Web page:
The two brothers have reversed roles already here. Each brother is now an exaggerated version of the other one's persona in the first scene. Lee is a more belligerent writer, demanding quiet and solitude. Austin is a more irritating drinker, unapologetic about interrupting Lee. Both have unleashed traits deep within themselves they never would have admitted were there. The brothers are shown as two sides of the same person—two sides fundamentally at odds.

In Scene 7 each brother must come to terms with his incorrect assumption the other's life is easy. Austin uses hyperbole to claim he'll commit "crimes beyond the imagination." He still senses Lee's theft is part of a fantasy he can act out, like the storybook "fantasies of a long lost boyhood" he sees in Lee's characters. Meanwhile, Lee's failure to adapt to his new role shows in his comic tangling of the typewriter ribbon. Austin tells Lee the truth about his life, a sentiment Lee will repeat to Austin in Scene 8. His career takes hard work, sacrifice, and facing the real possibility of failure. Stakes are high. Second chances don't exist. Each brother tries to prove himself by implying he's the real man, the one who really struggles.

As the rising action moves toward its climax, pressure begins to close in around the brothers. Austin's suggestion of police helicopters hunting Lee recalls the chase in Lee's script. Austin senses he has become the "intruder" or the antagonist, while Lee's the one pleading for help. The hunter and the hunted have switched places in the brothers' revolving identities.

In the final three acts the brothers become increasingly aware any ideal or fantasy they've hoped for has disappeared. Austin says "the days of Champagne are long gone"—fortune and prosperity, represented by champagne, aren't going to return. The brothers switch to drinking beer and whiskey, both associated with the working class. Austin describes a suburban "Paradise" similar to the house Lee described in Scene 2. Now both brothers are in a sense standing outside of a peaceful, happy illusion of American life, and they're not allowed in. There's a sense of longing in both monologues.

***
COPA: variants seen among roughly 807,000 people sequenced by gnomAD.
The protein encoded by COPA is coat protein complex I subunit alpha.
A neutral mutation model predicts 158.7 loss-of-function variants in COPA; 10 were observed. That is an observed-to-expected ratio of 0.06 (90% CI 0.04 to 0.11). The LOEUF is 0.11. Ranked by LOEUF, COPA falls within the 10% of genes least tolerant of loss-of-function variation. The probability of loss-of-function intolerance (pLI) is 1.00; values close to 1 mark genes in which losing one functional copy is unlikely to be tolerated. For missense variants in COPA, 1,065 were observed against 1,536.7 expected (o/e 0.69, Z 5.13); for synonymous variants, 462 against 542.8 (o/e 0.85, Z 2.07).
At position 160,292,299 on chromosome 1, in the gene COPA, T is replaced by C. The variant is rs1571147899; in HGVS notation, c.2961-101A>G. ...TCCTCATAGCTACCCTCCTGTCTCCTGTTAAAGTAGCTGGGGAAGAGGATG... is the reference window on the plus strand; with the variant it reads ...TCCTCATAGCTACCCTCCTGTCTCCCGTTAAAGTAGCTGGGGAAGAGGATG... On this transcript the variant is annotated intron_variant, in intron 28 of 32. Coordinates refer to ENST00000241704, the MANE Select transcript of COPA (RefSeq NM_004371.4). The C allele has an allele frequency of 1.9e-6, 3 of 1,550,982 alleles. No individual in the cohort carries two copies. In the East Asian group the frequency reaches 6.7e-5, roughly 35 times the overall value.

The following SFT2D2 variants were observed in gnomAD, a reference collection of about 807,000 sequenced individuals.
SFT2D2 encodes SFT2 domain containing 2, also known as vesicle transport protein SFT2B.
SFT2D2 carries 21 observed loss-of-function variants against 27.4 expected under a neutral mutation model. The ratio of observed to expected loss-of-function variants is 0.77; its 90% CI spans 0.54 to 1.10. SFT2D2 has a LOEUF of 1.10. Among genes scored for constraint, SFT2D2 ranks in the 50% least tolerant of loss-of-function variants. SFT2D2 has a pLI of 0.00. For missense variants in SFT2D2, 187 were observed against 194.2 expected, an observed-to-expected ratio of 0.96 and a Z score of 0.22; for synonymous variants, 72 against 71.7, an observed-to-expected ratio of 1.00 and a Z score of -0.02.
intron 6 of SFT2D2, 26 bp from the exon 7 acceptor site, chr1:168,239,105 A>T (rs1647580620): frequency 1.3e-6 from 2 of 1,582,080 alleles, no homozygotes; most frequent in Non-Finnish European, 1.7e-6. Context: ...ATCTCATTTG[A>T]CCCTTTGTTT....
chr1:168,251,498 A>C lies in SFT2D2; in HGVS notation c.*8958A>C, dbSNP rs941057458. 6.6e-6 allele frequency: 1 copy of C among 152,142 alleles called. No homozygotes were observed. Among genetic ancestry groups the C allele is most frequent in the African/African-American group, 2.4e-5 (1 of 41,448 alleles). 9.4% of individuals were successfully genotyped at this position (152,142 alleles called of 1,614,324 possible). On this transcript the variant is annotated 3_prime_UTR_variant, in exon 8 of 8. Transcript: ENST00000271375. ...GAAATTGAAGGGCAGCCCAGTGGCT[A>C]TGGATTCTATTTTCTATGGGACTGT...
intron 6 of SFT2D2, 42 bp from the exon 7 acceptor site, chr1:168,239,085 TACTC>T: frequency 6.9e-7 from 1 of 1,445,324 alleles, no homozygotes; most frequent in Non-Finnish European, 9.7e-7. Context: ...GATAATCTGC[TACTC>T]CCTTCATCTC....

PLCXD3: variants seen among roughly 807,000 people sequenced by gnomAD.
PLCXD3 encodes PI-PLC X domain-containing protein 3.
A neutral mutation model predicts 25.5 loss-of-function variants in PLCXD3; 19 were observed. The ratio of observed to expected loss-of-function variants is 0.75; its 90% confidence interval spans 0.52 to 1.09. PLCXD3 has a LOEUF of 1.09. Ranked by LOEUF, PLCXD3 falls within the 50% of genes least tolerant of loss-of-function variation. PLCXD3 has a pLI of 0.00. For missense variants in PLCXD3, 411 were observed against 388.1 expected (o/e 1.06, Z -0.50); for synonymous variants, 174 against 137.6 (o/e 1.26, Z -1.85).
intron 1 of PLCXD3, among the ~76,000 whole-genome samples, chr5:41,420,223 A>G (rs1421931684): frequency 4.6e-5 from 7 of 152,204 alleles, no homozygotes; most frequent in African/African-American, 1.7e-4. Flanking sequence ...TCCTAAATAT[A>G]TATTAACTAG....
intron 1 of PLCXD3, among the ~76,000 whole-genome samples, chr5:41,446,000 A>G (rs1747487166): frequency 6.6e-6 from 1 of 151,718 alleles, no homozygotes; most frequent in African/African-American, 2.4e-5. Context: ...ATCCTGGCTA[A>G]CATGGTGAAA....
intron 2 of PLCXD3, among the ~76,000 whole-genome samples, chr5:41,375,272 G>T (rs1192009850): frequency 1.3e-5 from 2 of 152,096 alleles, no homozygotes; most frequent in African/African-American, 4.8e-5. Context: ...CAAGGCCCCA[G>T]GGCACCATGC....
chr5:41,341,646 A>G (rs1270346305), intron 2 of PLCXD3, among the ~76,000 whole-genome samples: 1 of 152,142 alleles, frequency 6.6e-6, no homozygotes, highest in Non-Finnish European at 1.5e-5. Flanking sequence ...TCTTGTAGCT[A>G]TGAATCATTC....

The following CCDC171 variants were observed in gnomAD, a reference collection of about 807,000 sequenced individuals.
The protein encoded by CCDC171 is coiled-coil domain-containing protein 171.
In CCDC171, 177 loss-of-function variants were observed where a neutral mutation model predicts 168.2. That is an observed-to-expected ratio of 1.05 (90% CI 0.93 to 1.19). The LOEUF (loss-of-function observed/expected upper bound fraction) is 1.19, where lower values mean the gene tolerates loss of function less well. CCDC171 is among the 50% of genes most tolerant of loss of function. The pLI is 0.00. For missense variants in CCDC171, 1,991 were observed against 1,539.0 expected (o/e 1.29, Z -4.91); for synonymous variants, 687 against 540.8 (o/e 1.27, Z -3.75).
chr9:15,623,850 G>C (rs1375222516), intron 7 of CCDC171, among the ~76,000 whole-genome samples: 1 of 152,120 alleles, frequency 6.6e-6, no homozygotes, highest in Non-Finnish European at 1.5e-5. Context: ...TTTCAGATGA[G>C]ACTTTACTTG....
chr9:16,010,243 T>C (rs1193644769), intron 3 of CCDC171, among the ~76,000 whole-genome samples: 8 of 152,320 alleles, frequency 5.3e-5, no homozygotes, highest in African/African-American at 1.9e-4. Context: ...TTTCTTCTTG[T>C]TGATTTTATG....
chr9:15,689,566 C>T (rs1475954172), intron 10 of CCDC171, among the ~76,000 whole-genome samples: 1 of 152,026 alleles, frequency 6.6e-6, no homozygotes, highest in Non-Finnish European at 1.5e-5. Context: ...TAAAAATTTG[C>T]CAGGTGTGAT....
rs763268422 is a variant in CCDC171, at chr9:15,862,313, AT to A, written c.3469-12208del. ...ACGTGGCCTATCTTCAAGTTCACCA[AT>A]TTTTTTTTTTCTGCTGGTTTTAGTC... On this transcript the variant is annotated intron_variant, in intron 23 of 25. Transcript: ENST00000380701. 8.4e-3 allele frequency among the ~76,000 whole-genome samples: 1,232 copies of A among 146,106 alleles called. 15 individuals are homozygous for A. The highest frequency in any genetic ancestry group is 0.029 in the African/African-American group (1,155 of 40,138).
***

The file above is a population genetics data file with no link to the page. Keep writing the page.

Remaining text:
When Austin says "Nobody can disappear," he hints at a genuine fear of his family legacy and what it means. The "old man" brings out a special rage in both brothers. Austin's unsuccessful attempt to help his father strikes a nerve. Austin cared for his family, he did what he was supposed to do, and it didn't help. His father kept seeking a way out. Mom's sought an escape, too—in Alaska. As Austin tells an anecdote about their father, the brothers bond over the shared worry they'll join their parents in searching for an illusory escape hatch. They worry they, too, will find themselves trapped.

The bizarre story about their father's teeth returns to a central question of the play: What makes a story true? The father's story is like a western. It involves a man on a quest, without government assistance and traveling through extreme climates in "eight days in the rain and the sun." Like Lee's characters he's headed south to Mexico. But unlike a western, the story has no moral. The ending is anticlimactic. They never find the teeth, itself an absurd situation. Their father's plight doesn't improve after his journey. Instead, it becomes marginally worse. The truth of the story emerges in its refusal to follow narrative convention and make any kind of sense.